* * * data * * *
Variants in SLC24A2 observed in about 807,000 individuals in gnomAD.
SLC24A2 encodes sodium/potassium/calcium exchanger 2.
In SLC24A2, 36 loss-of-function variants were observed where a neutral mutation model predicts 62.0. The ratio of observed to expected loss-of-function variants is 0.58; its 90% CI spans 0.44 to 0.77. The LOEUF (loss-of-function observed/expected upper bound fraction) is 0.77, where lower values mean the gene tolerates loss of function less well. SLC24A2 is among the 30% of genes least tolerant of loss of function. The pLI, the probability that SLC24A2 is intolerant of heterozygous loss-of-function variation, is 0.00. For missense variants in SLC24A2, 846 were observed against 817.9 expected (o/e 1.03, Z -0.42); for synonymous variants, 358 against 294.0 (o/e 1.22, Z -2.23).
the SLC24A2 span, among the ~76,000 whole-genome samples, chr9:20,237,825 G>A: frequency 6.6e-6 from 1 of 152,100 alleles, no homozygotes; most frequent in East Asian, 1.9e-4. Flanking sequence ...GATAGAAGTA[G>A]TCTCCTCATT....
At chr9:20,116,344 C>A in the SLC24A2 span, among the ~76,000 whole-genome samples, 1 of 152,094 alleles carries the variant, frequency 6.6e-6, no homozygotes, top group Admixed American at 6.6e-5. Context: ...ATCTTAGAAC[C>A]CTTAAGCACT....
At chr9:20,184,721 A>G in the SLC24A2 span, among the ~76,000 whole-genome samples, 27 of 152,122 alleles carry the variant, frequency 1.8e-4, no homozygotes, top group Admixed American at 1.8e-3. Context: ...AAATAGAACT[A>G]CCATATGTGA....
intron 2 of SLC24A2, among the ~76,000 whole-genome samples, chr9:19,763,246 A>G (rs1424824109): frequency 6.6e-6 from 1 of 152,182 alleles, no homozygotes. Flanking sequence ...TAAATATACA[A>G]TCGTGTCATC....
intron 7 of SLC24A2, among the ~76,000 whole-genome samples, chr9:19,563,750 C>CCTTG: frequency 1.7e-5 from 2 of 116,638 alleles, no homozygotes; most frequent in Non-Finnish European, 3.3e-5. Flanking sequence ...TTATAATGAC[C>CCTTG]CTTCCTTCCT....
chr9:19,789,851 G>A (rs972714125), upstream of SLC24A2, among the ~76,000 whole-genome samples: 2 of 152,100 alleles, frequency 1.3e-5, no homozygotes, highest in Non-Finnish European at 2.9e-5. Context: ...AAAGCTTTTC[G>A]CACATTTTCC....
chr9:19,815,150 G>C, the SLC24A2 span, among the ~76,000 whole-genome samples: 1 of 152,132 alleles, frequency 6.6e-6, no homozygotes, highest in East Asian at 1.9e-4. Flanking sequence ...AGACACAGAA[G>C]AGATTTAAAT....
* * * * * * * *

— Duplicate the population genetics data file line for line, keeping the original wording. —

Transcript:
Variants in SLC24A2 observed in about 807,000 individuals in gnomAD.
SLC24A2 encodes sodium/potassium/calcium exchanger 2.
In SLC24A2, 36 loss-of-function variants were observed where a neutral mutation model predicts 62.0. The ratio of observed to expected loss-of-function variants is 0.58; its 90% CI spans 0.44 to 0.77. The LOEUF (loss-of-function observed/expected upper bound fraction) is 0.77, where lower values mean the gene tolerates loss of function less well. SLC24A2 is among the 30% of genes least tolerant of loss of function. The pLI, the probability that SLC24A2 is intolerant of heterozygous loss-of-function variation, is 0.00. For missense variants in SLC24A2, 846 were observed against 817.9 expected (o/e 1.03, Z -0.42); for synonymous variants, 358 against 294.0 (o/e 1.22, Z -2.23).
the SLC24A2 span, among the ~76,000 whole-genome samples, chr9:20,237,825 G>A: frequency 6.6e-6 from 1 of 152,100 alleles, no homozygotes; most frequent in East Asian, 1.9e-4. Flanking sequence ...GATAGAAGTA[G>A]TCTCCTCATT....
At chr9:20,116,344 C>A in the SLC24A2 span, among the ~76,000 whole-genome samples, 1 of 152,094 alleles carries the variant, frequency 6.6e-6, no homozygotes, top group Admixed American at 6.6e-5. Context: ...ATCTTAGAAC[C>A]CTTAAGCACT....
At chr9:20,184,721 A>G in the SLC24A2 span, among the ~76,000 whole-genome samples, 27 of 152,122 alleles carry the variant, frequency 1.8e-4, no homozygotes, top group Admixed American at 1.8e-3. Context: ...AAATAGAACT[A>G]CCATATGTGA....
intron 2 of SLC24A2, among the ~76,000 whole-genome samples, chr9:19,763,246 A>G (rs1424824109): frequency 6.6e-6 from 1 of 152,182 alleles, no homozygotes. Flanking sequence ...TAAATATACA[A>G]TCGTGTCATC....
intron 7 of SLC24A2, among the ~76,000 whole-genome samples, chr9:19,563,750 C>CCTTG: frequency 1.7e-5 from 2 of 116,638 alleles, no homozygotes; most frequent in Non-Finnish European, 3.3e-5. Flanking sequence ...TTATAATGAC[C>CCTTG]CTTCCTTCCT....
chr9:19,789,851 G>A (rs972714125), upstream of SLC24A2, among the ~76,000 whole-genome samples: 2 of 152,100 alleles, frequency 1.3e-5, no homozygotes, highest in Non-Finnish European at 2.9e-5. Context: ...AAAGCTTTTC[G>A]CACATTTTCC....
chr9:19,815,150 G>C, the SLC24A2 span, among the ~76,000 whole-genome samples: 1 of 152,132 alleles, frequency 6.6e-6, no homozygotes, highest in East Asian at 1.9e-4. Flanking sequence ...AGACACAGAA[G>C]AGATTTAAAT....